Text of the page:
Abstract: This paper presents a set of full-resolution lossy image compression methods based on neural networks. Each of the architectures we describe can provide variable compression rates during deployment without requiring retraining of the network: each network need only be trained once.
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What it your name, & live
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I and a bunch of others from the Google Brain team are doing a Reddit AMA on /r/MachineLearning to answer people's questions about AI and Machine Learning. The thread is posted now to allow people to post and vote on questions they want to see answered, and we'll be spending several hours this Thursday, 8/11 answering questions, starting at 10 AM Pacific Daylight Time.

(We have 279 comments posted to the thread, and it's the most up-voted post of all time on /r/MachineLearning, and we haven't even started answering questions. We'll have to see how many questions we can get through on Thursday!).
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Another time seeing jeff's message,so happy.

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+Christopher Olah and +Dario Amodei from the Google Brain team, along with their collaborators Jacob Steinhart (Stanford), Paul Christiano (Berkeley), John Schulman (Open AI), and Dan Mané (Google Brain) have put together a very nice paper that discusses some technical problems in building safe AI systems. Rather than much of the rhetoric that we've seen recently about fears around AI systems, this manuscript is nice in that it actually frames things in terms of real technical challenges and some research directions to explore in solving them.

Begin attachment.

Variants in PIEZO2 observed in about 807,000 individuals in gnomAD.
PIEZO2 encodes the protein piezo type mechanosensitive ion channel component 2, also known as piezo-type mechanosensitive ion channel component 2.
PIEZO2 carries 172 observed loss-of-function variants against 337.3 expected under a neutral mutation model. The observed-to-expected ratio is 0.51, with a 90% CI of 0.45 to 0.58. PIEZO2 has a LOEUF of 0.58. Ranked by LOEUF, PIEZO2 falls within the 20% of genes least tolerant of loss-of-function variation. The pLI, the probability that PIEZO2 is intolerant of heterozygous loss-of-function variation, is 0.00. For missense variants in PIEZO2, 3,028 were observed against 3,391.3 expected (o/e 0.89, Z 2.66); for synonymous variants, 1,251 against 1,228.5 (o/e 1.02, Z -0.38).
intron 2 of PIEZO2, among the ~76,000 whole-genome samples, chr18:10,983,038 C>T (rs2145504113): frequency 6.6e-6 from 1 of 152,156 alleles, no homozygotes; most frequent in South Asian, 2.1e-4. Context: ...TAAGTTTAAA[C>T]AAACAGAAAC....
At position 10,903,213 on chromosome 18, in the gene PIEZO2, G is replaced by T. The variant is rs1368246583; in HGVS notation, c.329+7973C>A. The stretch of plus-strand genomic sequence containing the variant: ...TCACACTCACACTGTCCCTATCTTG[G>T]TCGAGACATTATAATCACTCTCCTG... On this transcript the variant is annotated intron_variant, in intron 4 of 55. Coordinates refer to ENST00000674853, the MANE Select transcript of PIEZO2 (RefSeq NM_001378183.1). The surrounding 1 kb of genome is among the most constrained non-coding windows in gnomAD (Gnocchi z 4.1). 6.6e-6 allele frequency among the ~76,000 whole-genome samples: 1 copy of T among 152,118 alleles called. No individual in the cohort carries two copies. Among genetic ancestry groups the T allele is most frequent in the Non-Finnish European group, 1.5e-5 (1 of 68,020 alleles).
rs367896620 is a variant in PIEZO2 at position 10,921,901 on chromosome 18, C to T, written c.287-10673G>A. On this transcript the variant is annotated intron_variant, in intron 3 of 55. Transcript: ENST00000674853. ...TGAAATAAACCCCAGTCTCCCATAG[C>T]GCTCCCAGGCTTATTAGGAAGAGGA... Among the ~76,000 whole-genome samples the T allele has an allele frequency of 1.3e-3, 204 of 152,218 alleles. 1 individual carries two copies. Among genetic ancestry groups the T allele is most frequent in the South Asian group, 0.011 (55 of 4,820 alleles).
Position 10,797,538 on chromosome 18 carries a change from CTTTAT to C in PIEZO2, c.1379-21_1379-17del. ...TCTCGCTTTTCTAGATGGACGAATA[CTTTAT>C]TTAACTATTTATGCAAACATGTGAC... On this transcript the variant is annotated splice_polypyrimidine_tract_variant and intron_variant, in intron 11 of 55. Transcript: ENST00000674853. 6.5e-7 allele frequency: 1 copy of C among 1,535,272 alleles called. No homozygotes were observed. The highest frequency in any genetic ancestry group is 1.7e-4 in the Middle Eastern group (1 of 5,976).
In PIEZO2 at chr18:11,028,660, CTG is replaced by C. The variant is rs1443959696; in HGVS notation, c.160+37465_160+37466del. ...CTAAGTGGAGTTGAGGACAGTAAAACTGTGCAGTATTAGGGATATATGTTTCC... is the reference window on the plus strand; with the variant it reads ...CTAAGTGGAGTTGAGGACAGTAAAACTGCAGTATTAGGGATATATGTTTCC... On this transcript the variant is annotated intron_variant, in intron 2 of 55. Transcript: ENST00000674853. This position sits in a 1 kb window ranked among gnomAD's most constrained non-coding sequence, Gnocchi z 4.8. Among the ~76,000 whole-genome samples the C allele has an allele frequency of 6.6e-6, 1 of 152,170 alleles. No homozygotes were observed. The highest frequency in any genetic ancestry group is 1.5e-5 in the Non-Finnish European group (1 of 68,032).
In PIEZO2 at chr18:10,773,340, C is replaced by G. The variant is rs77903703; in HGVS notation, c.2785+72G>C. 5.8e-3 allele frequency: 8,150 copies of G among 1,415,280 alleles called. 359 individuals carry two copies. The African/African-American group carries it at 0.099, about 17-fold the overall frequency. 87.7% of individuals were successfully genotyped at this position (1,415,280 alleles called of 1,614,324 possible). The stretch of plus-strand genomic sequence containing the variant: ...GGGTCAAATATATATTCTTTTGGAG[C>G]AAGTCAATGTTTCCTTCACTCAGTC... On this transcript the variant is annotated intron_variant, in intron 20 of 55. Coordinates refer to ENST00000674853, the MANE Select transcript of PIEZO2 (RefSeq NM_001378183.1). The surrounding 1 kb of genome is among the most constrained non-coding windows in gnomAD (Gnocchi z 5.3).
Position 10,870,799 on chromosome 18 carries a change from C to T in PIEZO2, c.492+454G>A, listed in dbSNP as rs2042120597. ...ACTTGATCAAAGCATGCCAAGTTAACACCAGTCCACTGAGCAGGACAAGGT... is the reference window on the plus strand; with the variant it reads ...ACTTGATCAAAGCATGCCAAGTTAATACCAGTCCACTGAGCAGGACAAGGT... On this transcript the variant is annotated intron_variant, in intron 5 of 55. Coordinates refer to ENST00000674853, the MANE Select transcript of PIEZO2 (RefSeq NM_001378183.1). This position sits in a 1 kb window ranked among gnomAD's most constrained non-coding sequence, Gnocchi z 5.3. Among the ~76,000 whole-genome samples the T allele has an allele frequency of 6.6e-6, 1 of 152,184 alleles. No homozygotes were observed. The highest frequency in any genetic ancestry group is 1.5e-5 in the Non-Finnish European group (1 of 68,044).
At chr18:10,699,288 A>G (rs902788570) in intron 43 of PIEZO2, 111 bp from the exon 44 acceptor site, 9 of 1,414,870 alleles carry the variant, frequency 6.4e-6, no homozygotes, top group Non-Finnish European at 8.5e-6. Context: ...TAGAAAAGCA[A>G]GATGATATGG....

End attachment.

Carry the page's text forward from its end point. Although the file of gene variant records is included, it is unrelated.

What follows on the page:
I'm also excited to see this topic being addressed openly, in a collaboration across many different institutions.

Actual paper:
Google Research blog post: 
Open AI blog post:
Abstract: Rapid progress in machine learning and artificial intelligence (AI) has brought increasing attention to the potential impacts of AI technologies on society. In this paper we discuss one such potential impact: the problem of accidents in machine learning systems, defined as unintended ...
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Jeff Dean

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I gave a keynote talk at GCP NEXT a couple of months ago, and as part of that, I demoed this nice visual explorer that folks at Google built to demonstrate the Cloud Vision API. You get to fly through a point cloud of tens of thousands of images, annotated and clustered automatically by Google's Cloud Vision API. As of today, this demo is now released to the public, so you too can play with it (requires a relatively recent version of Chrome).

You can learn more about the Cloud Vision API, which is now in GA ("General Availability") at

Have fun!
CV Explorer shows you how to combine Cloud Vision API w/dimensionality reduction & cluster analysis so you can build a 3D catalog of an image repository
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+Jeff Dean Thanks, I could understand the classification based on the pixels as features, but I still couldn't image a ML method could output word labels based on numerical(pixels) input.
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Tensor Processing Units (TPUs)